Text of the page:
I stand speechless with what grimness people (particularly those who manufacture devices like that) adhere to things like the Balance pot in their quest for staying retro at all cost, despite obvious flaws.

The Tone Control

The tone controlīs sweep must have been quite revolutionary, but today there is better. Aftermarket productions have replaced this by a Big Muff Pi style tone control, which is what I borrowed. Note that I have put the control in a way that at 7 oīclock bass will be maximum, at 17h treble is maxxed. This seems most intuitive for me.

Biasing The Darlington Stage First - By Ear!

The darlington stage is fairly straightforward. In fact so straight, that some designers (Mictesterīs Buzzaround Alike) decided to replace it by a op-amp stage entirely. They claim the circuit sounds like the original, but some say no. Weīll come back to this later.

When I got the whole thing going, I naturally looked at the darlington stage first. It kinda worked right away, and with an external resistor pulling up the base I could nicely adjust the collector waveform. Then I proceeded to Q3. Now this has no biasing network and relies, coming from a germanium circuit, on a leaky transistor, which exhibits some parasitic current leaking from base to collector. This pulls the base up - hopefully enough. (Maybe this explains why some of those units worked better than others...).

Now silicon does, for all practical means, not suffer from such defects. We have to pull the base up ourselves. R.G. Keen suggests a reverse biased GE diode from B to C to accomplish this task, but this did not seem to work. Mictester, for his unit uses a pullup at the fuzz pot, which would present a variable working point for Q3 dependent on the fuzz pot setting. Hmm.
GGG and others then use a 1M trim pot between C and B that does the job nicely. Case settled.

But what about the collector? The 27k that was there, was way to big for my silicon device. Sputtering and farting galore. I twiddled the pot and lo and behold - beautiful signal on the output!
Some time later, I hot-pulled Q3 to try a different unit, and - believe it or not - nothing changed!
It turned out that the pot hat been at zero, so full signal from B to C without Q3!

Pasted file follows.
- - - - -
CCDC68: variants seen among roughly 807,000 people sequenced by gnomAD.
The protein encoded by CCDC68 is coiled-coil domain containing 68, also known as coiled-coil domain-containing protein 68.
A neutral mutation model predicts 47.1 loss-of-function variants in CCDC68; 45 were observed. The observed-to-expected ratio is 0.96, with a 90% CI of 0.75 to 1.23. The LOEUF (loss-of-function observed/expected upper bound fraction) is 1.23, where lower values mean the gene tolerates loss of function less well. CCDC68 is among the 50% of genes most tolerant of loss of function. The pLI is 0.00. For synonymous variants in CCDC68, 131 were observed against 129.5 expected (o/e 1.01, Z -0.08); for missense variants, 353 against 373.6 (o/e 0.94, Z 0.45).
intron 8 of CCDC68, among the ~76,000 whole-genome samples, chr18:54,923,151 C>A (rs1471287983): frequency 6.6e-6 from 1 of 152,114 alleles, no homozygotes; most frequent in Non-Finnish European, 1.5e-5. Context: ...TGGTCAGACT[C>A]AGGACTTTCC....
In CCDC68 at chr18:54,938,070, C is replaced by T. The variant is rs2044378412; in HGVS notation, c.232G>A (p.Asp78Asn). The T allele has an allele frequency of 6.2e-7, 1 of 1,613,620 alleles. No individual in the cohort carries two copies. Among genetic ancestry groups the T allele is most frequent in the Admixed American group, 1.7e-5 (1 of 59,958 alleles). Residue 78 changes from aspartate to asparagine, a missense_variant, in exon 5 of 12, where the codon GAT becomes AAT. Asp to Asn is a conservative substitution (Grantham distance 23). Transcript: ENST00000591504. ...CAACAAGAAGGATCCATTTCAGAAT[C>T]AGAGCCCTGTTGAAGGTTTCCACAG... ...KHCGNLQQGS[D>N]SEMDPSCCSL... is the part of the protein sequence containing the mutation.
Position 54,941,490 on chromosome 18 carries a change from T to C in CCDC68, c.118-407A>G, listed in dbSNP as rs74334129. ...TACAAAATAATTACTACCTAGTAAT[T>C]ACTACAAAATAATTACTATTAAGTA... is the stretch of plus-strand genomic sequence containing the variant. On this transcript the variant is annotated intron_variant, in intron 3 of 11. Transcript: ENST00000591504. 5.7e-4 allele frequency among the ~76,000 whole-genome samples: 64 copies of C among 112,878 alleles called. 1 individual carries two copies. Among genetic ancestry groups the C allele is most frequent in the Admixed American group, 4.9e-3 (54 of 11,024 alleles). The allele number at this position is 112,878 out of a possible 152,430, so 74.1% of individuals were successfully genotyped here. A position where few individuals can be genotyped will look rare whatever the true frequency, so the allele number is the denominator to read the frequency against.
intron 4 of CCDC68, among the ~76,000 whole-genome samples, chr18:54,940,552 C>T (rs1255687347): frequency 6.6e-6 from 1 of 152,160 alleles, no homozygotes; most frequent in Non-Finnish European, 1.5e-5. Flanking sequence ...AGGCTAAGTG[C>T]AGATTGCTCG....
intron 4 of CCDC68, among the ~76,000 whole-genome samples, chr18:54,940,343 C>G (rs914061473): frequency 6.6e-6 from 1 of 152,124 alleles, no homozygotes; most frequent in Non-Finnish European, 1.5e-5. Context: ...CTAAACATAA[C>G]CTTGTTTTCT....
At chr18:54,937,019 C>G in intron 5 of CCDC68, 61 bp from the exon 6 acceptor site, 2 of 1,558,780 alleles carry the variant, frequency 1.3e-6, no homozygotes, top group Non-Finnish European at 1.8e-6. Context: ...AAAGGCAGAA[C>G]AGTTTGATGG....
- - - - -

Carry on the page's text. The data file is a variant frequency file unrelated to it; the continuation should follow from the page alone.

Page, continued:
This appears a great method to fine-tune the darlington state first. (The complete bias setting procedure is described on the schematic sheet in great detail.). An oscilloscope is one thing, the ear another.

The darlington stage on its own does not sound bad, strongly reminding of a fuzz face with low fuzz setting. Now we come round full circle, this makes me believe that the first stage does matter tone wise. You can change its character by the procedure described. Great distortion always happens in small chunks here and there.

The initial, intuitive choice of PN 2369A (with gains of ~60) proved right, although with all this gain cascading noise is not necessarily low. However, it will be much lower than GE.

Biasing Q3

Back to Q3. I tried any old GE transistor I found, and it worked, but sounded so-so. There was no big "Ah, germanium sound!".
For biasing of Q3 I removed the 27k resistor and replaced it temporarily with a 10k trim pot. It turned out, that it requires something as small as a kOhm or thereabouts. This finally brings Q3īs collector to a position, where it sounds like a fuzz should sound. Balance still works, about half down, and cuts then out, as expected.
Fine tuning the 1M leak pot changes little beyond 500k. Note that C13 on Q3īs input is not necessary for biasing per se, but using the Buzzaroundīs way of setting the fuzz level (with a pot to ground, which yields better control over the amount of signal hitting Q3...), a low setting of the knob would also upset Q3īs bias point, which results in a choked tone. Using the cap leaves its DC bias alone and allows for very small, precise adjustments.

Since I recently obtained a fair batch of 2N2926 (which are listed as replacement for BC108), I tried those. The gain is around 150 and they sound great there. I bought a handful of 2N2222īs that worked equally great, albeit a bit more gainy (180). There was no subjective difference in noise, the biggest source of noise being the darlingtons.
I used a 220pF B-C-cap, to tone down treble just a hair.

Re-visiting The Darlington Stage

I then went back to stage one and played with the collector resistor. A small change can make the sound just a little hairier, a small correction on the base resistor appeared necessary.

So yes, these units need to be tweaked for good tone, question is, what is good tone? And what, if they were not tweaked at all in the old days? What if bias changed with heat? This will leave you with a unit that is largely not functioning as intended, although this has gained some status of its own for a specialized music genre. It is beyond doubt, these units were not made deliberately to sputter and fart (that came later...), they were made for screaming sustain and natural decay.

So, with silicon, once a unit is tweaked, it will remain the same. And it sounds great. Any alleged shrillness can be concealed with a natural overdrive after or a cranked amp. This unit really has a midrange bark that is matchless.